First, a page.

Often among twins, if one's shy, the other's gutsy but almost never grey. Sharmilee, on the account alone, keeps it different and interesting.
Raakhee's turn as the lookalike sisters Kanchan and Kamini who're in love with the same guy (Shashi Kapoor) is one of the talking points of the musical. While she's at home playing the demure desi Kanchan, it's her splendid transformation into the ultra mod, swimsuit-sporting yet self-seeking Kamini that gets our vote.
Image: Raakhee in Sharmilee
Hema Malini, Seeta Aur Geeta (1972)
The Ram Aur Shyam formula seldom fails.
And so Ramesh Sippy's decided to switch the gender and cast Hema Malini with the dual responsibility of conveying shaky and sassy as two long-lost sisters in and as Seeta Aur Geeta.
Incidentally, Mumtaz was the original choice for the role but today it's impossible to imagine anyone other than Bollywood's proverbial Dreamgirl doing it.
Image: Hema Malini in Seeta Aur Geeta
Sharmila Tagore, Mausam (1975)
Other than Gulzar's poetic treatment, the poignant narrative of Mausam also boasts of superlative performance from its leading lady Sharmila Tagore playing the betrayed, crazy mother as well as her foul-mouthed, sex worker daughter.
Image: Sharmila Tagore in Mausam
Amitabh Bachchan, Don (1978)
He's done a whole lot of double/triple roles but Amitabh Bachchan is first-rate trying to pass off for the 'namumkin to catch hold of Don' among crooks and excuse himself as the 'Ganga-kinarewala Vijay' to the cops.
Image: Amitabh Bachchan in Don
Sanjeev Kumar, Angoor (1982)
Gulzar adapts Shakespeare from A Comedy of Errors to Angoor and the upshot is a masterful delivery from Sanjeev Kumar as unacquainted twins caught in the middle of confusion and familiarity.
Oh, the irritation, the puzzlement, the fun.
Image: Sanjeev Kumar and Moushmi Chatterjee in Angoor
Deven Varma, Angoor (1982)
While on Angoor, it would be blasphemous not to give due credit to the second set of twins played by Deven Varma with equal dash.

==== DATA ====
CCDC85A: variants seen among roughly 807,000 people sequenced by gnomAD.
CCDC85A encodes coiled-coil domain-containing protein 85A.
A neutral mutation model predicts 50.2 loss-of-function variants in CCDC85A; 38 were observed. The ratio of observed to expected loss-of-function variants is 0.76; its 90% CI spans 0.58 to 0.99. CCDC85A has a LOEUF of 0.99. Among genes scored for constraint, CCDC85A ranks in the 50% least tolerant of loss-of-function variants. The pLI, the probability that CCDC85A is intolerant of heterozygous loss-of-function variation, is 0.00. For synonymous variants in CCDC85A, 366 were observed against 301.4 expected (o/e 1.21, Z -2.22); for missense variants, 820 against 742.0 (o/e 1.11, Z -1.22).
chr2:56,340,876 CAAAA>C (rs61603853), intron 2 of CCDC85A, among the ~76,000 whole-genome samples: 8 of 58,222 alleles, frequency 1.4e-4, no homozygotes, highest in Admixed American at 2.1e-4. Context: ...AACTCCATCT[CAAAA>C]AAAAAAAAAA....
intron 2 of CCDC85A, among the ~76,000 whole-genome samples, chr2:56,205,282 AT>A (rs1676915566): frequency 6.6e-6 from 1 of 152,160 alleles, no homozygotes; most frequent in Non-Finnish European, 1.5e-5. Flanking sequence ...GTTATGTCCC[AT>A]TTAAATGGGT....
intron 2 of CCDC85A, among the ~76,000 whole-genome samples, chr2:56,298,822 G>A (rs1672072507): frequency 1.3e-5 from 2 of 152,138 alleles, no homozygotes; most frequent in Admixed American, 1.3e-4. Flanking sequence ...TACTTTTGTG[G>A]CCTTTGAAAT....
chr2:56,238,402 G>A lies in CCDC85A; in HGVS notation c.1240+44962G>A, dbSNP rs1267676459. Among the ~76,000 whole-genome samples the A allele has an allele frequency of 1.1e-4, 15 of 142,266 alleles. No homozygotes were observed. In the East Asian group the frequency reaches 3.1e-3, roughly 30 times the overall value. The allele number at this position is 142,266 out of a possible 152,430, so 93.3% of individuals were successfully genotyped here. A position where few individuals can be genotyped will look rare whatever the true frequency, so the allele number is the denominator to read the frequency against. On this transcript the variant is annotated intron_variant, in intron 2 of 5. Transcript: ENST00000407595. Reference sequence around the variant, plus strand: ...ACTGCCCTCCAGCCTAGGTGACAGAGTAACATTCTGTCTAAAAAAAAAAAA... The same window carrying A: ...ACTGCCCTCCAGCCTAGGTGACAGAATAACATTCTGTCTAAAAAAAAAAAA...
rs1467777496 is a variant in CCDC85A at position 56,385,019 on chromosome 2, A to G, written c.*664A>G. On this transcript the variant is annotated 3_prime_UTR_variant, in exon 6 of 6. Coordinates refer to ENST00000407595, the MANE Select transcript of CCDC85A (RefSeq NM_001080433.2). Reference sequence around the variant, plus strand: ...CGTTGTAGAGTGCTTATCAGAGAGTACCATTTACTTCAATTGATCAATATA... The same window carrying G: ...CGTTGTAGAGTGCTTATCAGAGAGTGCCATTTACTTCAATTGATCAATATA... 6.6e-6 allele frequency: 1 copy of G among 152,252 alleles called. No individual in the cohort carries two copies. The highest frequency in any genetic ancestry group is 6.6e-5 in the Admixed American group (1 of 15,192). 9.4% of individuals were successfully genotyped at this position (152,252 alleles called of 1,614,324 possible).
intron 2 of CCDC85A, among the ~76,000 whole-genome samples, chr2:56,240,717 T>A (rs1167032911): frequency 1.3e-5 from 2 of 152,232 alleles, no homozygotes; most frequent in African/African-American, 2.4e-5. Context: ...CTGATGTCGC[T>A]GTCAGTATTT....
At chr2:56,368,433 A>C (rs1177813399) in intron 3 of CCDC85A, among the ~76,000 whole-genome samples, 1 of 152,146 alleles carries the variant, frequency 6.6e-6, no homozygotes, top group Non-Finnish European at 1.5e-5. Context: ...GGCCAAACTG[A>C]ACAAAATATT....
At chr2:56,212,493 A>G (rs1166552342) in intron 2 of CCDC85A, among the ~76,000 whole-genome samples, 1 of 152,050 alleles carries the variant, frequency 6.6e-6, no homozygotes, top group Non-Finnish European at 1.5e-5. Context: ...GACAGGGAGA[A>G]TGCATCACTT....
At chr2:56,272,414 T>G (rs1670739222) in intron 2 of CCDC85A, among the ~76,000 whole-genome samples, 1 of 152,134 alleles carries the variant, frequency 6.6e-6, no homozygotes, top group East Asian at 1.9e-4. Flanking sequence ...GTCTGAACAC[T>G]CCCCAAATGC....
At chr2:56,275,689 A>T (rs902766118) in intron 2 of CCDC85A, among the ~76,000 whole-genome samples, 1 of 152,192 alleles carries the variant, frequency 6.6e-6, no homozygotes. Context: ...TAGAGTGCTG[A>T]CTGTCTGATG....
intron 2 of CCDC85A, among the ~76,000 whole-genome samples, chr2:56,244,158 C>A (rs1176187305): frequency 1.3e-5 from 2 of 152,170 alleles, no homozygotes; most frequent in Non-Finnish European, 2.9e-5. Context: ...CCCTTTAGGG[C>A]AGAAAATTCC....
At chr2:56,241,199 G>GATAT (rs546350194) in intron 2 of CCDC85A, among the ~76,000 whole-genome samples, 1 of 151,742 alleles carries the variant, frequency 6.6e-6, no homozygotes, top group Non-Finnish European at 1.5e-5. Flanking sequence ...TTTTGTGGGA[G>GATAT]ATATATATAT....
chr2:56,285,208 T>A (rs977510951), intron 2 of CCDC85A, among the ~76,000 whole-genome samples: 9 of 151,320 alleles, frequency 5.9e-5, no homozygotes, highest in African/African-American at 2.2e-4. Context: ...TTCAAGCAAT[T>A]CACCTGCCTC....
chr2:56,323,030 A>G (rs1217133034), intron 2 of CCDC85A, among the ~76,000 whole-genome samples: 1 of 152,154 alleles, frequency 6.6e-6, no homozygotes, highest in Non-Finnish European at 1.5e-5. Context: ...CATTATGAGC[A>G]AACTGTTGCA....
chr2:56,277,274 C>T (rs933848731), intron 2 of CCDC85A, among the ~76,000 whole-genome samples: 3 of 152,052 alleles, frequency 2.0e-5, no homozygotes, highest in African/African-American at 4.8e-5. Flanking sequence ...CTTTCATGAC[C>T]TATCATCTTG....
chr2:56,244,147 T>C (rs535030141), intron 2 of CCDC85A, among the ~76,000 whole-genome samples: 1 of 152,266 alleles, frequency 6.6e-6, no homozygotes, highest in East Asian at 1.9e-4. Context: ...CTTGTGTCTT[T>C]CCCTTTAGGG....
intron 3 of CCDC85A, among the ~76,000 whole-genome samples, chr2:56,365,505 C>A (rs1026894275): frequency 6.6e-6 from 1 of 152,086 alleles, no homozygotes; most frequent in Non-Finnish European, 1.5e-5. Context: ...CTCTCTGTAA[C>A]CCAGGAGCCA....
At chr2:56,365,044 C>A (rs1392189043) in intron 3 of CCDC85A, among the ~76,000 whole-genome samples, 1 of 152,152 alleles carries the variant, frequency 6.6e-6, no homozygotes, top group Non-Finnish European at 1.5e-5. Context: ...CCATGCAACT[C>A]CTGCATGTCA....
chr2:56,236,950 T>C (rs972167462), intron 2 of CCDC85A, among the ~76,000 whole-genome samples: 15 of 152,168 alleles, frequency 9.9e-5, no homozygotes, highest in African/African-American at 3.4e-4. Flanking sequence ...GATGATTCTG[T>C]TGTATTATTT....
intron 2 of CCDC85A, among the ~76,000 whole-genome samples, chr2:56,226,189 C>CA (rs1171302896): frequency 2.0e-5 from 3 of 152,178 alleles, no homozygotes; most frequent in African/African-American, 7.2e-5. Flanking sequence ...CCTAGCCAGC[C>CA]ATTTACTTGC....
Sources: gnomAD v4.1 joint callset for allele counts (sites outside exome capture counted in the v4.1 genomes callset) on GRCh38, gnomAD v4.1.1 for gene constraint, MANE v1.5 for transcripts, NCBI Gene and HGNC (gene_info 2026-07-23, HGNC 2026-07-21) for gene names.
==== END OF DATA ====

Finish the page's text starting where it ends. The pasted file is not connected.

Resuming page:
The often unsung comedian lends the muddle of Bahadur vs Bahadur an inherent brand of dry humour and bafflement that compliments the twain Ashoks (Sanjeev Kumar) perfectly, effortlessly.
Image: Deven Varma in Angoor
Dharmendra, Gazab (1982)
Giving the classic twins tale a slightly spooky twist, Dharmendra plays a bumbling ghost with bunny teeth and frizzy hair who relies upon his more heroic twin's muscle power and his own good humour to avenge the baddies and woo the girl he could never have.
Harmless fun, this.
Image: Dharmendra in Gazab
Amitabh Bachchan, Aakhri Raasta (1986)
AB's elderly avatar, in full-on vengeance mode, having a face-off with his idealistic cop son, who else but AB himself, next to the grave of the woman they both loved and lost.
Certainly, Bachchan's Avenger walks away with all our sympathy in the author-backed Aakhri Raasta, he continues to soar in his soundly-established angry-young-man niche just as well.
Image: Amitabh Bachchan in Aakhri Raasta
Sridevi, Chaalbaaz (1989)
You know exactly how it goes.
Twins separated at birth -- the cooler one is raised in humble surroundings with sky-high ambitions whereas the scared cat is brought up in a mansion under severe authority of her whiplashing step relatives.
What you don't realise until you have seen Chaalbaaz is just how incredible Sridevi is at depicting both ends of the spectrum.
Image: Sridevi in Chaalbaaz
Kamal Haasan, Appu Raja (1989)
Okay, so technically, it's a Tamil film dubbed in Hindi but the sheer excellence of Kamal Haasan's portrayal of Appu, the revenge-thirsty circus dwarf and his mechanic brother Raja in this cult classic implores us to include it in our compilation without any second thoughts.